You and your families meant much to her and she was very proud of each of you and you accomplishments.

 

Albuquerque Mayor Louis Saavedra wrote:

 

            It was inspiring to read of her pioneer life and her exemplary work.

 

Among mother's treasures, as she called them, we found the following which were read at her memorial services:

 

Dear loves, dear hearts, when time is fled
And I no longer sing,
I leave this message to be read
In sunlight and in spring.
 
Of life, of faith, of years content
Because our love was so,
That when the form in anguish went,
The spirit would not go.
 
And on this page, in very truth
A lyric and a flame,
Immortal April and a kiss,
The music and your names.

 

 

High Flight

 

Oh I have slipped the surly bonds of earth
And danced the skies on laughter-silvered wings:
Sunward I've climbed, and joined the tumbling mirth
Of sun-split clouds
and done a hundred things
You have not dreamed of, wheeled and soared and swung
High in the sunlit silence.
 
Hov'ring there
I've chased the shouting winds along, and flung
My eager craft through footless halls of air.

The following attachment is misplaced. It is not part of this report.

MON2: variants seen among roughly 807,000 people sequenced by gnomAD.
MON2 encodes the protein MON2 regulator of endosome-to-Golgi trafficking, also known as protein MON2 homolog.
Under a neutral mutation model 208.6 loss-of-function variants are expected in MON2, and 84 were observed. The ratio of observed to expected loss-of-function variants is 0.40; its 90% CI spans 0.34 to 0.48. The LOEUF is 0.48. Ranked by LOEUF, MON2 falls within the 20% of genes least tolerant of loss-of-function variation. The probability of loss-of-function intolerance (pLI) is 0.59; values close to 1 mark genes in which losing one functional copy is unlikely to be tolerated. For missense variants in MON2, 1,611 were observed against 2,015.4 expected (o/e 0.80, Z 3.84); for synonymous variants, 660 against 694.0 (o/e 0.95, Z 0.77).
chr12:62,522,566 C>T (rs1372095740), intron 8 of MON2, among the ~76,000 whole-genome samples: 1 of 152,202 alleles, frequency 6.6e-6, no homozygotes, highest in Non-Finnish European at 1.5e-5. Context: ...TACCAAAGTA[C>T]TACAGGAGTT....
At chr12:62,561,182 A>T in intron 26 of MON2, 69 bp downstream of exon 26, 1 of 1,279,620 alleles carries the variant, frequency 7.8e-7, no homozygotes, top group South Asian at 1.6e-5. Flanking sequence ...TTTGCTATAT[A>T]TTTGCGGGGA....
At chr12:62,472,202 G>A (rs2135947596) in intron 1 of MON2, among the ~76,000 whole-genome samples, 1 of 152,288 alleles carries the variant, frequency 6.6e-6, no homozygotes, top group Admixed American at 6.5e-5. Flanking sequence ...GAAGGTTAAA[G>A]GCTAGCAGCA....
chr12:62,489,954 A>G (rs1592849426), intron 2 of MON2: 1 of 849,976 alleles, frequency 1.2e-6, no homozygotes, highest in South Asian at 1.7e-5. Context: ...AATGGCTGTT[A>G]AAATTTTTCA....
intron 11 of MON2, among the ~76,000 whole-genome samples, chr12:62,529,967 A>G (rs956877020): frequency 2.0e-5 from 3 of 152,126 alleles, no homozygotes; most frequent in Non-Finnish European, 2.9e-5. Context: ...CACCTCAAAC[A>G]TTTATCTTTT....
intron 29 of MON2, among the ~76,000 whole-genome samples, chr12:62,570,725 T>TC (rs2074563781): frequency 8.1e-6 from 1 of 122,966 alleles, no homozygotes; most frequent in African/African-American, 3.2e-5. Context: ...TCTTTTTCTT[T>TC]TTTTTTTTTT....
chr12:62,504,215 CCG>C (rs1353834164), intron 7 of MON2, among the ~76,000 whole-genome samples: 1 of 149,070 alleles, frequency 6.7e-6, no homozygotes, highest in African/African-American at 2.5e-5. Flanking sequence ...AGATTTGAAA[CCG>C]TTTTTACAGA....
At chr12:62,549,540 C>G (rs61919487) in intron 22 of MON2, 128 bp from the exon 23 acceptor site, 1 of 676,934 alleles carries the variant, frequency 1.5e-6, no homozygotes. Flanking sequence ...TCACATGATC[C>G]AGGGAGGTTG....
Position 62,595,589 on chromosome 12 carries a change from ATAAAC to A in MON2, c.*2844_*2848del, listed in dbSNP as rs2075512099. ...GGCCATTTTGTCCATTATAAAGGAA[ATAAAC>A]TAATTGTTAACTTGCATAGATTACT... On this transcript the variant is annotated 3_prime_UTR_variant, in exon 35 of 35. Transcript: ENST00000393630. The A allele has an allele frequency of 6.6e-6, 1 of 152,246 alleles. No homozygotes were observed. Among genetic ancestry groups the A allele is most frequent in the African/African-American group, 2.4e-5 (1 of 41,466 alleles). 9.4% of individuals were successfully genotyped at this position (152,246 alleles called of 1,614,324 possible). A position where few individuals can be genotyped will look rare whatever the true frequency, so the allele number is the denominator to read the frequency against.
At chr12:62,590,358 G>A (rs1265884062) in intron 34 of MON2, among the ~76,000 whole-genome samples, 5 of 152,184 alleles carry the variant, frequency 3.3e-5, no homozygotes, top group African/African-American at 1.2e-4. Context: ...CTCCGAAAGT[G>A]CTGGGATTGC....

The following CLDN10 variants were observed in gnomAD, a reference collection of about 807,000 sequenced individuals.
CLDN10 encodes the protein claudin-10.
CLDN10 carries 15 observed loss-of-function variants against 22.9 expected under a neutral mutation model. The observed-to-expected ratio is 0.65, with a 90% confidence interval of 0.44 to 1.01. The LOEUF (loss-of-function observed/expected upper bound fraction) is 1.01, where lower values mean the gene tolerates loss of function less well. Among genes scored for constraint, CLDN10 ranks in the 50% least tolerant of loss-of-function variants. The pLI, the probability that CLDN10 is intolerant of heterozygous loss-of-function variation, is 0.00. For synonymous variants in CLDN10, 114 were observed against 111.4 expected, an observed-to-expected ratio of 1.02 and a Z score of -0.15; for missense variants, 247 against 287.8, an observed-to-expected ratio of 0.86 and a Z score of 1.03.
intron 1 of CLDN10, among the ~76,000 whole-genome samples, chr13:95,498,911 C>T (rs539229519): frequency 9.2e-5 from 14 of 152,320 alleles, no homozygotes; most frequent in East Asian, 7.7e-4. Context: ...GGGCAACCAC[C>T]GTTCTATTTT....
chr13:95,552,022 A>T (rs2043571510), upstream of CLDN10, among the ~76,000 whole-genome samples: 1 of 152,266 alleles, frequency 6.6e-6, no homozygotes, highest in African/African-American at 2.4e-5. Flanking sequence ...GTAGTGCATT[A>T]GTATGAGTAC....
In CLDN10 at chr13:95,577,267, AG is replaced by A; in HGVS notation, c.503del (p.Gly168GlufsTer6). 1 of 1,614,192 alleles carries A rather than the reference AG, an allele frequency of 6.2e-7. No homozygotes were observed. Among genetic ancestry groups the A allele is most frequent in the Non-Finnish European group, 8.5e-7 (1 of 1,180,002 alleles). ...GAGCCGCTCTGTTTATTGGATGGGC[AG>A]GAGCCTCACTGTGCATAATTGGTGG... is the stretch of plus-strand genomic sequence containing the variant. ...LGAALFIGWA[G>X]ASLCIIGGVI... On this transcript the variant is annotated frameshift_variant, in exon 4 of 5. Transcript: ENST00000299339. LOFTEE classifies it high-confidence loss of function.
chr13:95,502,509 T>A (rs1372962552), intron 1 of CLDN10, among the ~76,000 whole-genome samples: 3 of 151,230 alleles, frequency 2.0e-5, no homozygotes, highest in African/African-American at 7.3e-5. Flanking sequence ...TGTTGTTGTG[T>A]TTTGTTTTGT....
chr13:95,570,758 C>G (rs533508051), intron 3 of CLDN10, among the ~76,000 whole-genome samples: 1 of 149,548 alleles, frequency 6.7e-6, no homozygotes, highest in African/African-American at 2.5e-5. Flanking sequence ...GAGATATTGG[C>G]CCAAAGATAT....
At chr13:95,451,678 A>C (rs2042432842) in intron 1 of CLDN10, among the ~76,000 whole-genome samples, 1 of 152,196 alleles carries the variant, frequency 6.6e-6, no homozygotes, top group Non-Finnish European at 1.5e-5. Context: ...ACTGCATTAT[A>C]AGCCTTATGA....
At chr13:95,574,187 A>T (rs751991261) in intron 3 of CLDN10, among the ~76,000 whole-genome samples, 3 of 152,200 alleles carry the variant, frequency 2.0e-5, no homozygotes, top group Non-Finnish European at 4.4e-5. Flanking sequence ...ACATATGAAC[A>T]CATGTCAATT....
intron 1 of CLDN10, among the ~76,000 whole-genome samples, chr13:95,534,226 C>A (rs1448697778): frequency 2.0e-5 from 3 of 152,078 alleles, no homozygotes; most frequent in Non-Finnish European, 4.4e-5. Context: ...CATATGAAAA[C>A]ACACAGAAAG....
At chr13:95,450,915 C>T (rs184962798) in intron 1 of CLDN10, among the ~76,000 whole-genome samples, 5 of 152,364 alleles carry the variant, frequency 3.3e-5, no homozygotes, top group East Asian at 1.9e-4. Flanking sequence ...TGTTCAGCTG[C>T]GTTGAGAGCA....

Up, up the long delirious, burning blue
I've topped the wind-swept heights with easy grace
Where never lark, or even eagle flew.
And, while with silent lifting mind I've trod
The high-untrespassed sanctity of space,
Put out my hand and touched the face of God.


John Gillespie Magee, Jr.

 

Another instructive item which Mother had copied in her handwriting:

 

            He has achieved success who has lived well, laughed often and loved much; who has gained the respect of intelligent men and the love of little children; who has filled his niche and accomplished his task; who has left the world better than when he found it, whether by an improved poppy, a perfect poem, or a rescued soul; who has never lacked appreciation of earth's beauty or failed to express it; who has always looked for the best in others and given the best he had; whose life was an inspiration; whose memory a benediction.

Bessie Anderson, 1904

 

Without attribution, Mother's personal belongings also included the following in her handwriting, well worn and stained:

 

Our Anniversary

 

There are nice young men who are nice pro tem,
But look what happens when you marry them!
They turn into husbands - A sordid tribe
Who gloom and yammer and rant and gibe,
And grouse 'round the house like a wounded bear,
And acquire that woefully wedded air.
 
So I haven't the least excuse, it's true,
For the weak, rash moment when I married you.
I knew misgivings; I crawled with qualms;
I kept humming that minor lament of Brahms.
So imagine, darling, my pleasant surprise
When you didn't changeling before my eyes.
 
For you were the nicest of nice young men -
But now you're just ten times nicer again!
You don't barge 'round like a tin King Kleagle -
Maybe the ceremony wasn't legal!
No husbandly halo obtrudes its pall,
And marriage has ruined you hardly at all!